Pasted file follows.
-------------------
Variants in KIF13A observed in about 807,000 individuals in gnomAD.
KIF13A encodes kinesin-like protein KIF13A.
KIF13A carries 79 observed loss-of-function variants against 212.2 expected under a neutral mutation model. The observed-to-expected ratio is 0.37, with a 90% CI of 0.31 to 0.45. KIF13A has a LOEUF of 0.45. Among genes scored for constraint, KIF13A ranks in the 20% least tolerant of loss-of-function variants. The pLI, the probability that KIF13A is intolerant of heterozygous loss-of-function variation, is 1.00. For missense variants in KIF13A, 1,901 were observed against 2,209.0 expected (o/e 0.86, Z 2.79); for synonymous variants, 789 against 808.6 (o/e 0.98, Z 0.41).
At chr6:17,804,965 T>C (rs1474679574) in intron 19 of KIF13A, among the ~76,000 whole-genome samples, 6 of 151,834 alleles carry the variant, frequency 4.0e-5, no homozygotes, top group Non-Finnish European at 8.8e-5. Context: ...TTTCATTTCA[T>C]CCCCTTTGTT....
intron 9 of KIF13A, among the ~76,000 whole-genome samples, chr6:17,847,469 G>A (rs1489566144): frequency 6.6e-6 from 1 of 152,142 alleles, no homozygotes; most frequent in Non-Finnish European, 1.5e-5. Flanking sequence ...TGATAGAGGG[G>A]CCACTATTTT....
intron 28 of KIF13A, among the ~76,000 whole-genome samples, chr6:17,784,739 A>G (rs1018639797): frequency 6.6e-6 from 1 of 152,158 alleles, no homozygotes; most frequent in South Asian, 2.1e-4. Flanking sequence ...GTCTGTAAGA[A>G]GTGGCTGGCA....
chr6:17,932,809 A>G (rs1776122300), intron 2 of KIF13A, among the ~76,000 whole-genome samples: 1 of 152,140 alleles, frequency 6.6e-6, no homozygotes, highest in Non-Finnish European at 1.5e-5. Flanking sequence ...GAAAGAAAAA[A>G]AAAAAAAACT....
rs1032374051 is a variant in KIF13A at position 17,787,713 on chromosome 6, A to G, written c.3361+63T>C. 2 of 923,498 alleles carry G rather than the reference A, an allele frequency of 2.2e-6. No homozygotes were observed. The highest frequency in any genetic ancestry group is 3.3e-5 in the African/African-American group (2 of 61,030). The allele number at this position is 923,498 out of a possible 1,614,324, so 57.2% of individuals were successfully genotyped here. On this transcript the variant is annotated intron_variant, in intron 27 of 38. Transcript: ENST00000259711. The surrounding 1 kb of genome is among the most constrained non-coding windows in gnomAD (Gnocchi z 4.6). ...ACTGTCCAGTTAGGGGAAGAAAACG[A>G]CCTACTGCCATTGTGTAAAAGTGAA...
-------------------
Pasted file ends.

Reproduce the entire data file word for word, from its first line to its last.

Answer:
Variants in KIF13A observed in about 807,000 individuals in gnomAD.
KIF13A encodes kinesin-like protein KIF13A.
KIF13A carries 79 observed loss-of-function variants against 212.2 expected under a neutral mutation model. The observed-to-expected ratio is 0.37, with a 90% CI of 0.31 to 0.45. KIF13A has a LOEUF of 0.45. Among genes scored for constraint, KIF13A ranks in the 20% least tolerant of loss-of-function variants. The pLI, the probability that KIF13A is intolerant of heterozygous loss-of-function variation, is 1.00. For missense variants in KIF13A, 1,901 were observed against 2,209.0 expected (o/e 0.86, Z 2.79); for synonymous variants, 789 against 808.6 (o/e 0.98, Z 0.41).
At chr6:17,804,965 T>C (rs1474679574) in intron 19 of KIF13A, among the ~76,000 whole-genome samples, 6 of 151,834 alleles carry the variant, frequency 4.0e-5, no homozygotes, top group Non-Finnish European at 8.8e-5. Context: ...TTTCATTTCA[T>C]CCCCTTTGTT....
intron 9 of KIF13A, among the ~76,000 whole-genome samples, chr6:17,847,469 G>A (rs1489566144): frequency 6.6e-6 from 1 of 152,142 alleles, no homozygotes; most frequent in Non-Finnish European, 1.5e-5. Flanking sequence ...TGATAGAGGG[G>A]CCACTATTTT....
intron 28 of KIF13A, among the ~76,000 whole-genome samples, chr6:17,784,739 A>G (rs1018639797): frequency 6.6e-6 from 1 of 152,158 alleles, no homozygotes; most frequent in South Asian, 2.1e-4. Flanking sequence ...GTCTGTAAGA[A>G]GTGGCTGGCA....
chr6:17,932,809 A>G (rs1776122300), intron 2 of KIF13A, among the ~76,000 whole-genome samples: 1 of 152,140 alleles, frequency 6.6e-6, no homozygotes, highest in Non-Finnish European at 1.5e-5. Flanking sequence ...GAAAGAAAAA[A>G]AAAAAAAACT....
rs1032374051 is a variant in KIF13A at position 17,787,713 on chromosome 6, A to G, written c.3361+63T>C. 2 of 923,498 alleles carry G rather than the reference A, an allele frequency of 2.2e-6. No homozygotes were observed. The highest frequency in any genetic ancestry group is 3.3e-5 in the African/African-American group (2 of 61,030). The allele number at this position is 923,498 out of a possible 1,614,324, so 57.2% of individuals were successfully genotyped here. On this transcript the variant is annotated intron_variant, in intron 27 of 38. Transcript: ENST00000259711. The surrounding 1 kb of genome is among the most constrained non-coding windows in gnomAD (Gnocchi z 4.6). ...ACTGTCCAGTTAGGGGAAGAAAACG[A>G]CCTACTGCCATTGTGTAAAAGTGAA...